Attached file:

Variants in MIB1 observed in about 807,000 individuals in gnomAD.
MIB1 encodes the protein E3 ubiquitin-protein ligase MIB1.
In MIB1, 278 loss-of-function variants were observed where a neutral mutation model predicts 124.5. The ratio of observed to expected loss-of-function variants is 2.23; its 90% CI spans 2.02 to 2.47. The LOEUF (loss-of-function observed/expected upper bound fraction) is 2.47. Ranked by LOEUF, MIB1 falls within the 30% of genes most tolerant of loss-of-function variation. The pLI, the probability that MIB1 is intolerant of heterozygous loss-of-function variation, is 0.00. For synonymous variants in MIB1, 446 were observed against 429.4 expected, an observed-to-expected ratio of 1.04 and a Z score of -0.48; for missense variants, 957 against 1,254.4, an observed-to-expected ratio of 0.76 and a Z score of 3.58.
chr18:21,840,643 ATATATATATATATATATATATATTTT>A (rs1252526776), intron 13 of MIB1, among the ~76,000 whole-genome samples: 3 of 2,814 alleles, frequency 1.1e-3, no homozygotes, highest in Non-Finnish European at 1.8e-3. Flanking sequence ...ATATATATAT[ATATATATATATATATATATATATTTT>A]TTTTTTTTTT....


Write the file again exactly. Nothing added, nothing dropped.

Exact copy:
Variants in MIB1 observed in about 807,000 individuals in gnomAD.
MIB1 encodes the protein E3 ubiquitin-protein ligase MIB1.
In MIB1, 278 loss-of-function variants were observed where a neutral mutation model predicts 124.5. The ratio of observed to expected loss-of-function variants is 2.23; its 90% CI spans 2.02 to 2.47. The LOEUF (loss-of-function observed/expected upper bound fraction) is 2.47. Ranked by LOEUF, MIB1 falls within the 30% of genes most tolerant of loss-of-function variation. The pLI, the probability that MIB1 is intolerant of heterozygous loss-of-function variation, is 0.00. For synonymous variants in MIB1, 446 were observed against 429.4 expected, an observed-to-expected ratio of 1.04 and a Z score of -0.48; for missense variants, 957 against 1,254.4, an observed-to-expected ratio of 0.76 and a Z score of 3.58.
chr18:21,840,643 ATATATATATATATATATATATATTTT>A (rs1252526776), intron 13 of MIB1, among the ~76,000 whole-genome samples: 3 of 2,814 alleles, frequency 1.1e-3, no homozygotes, highest in Non-Finnish European at 1.8e-3. Flanking sequence ...ATATATATAT[ATATATATATATATATATATATATTTT>A]TTTTTTTTTT....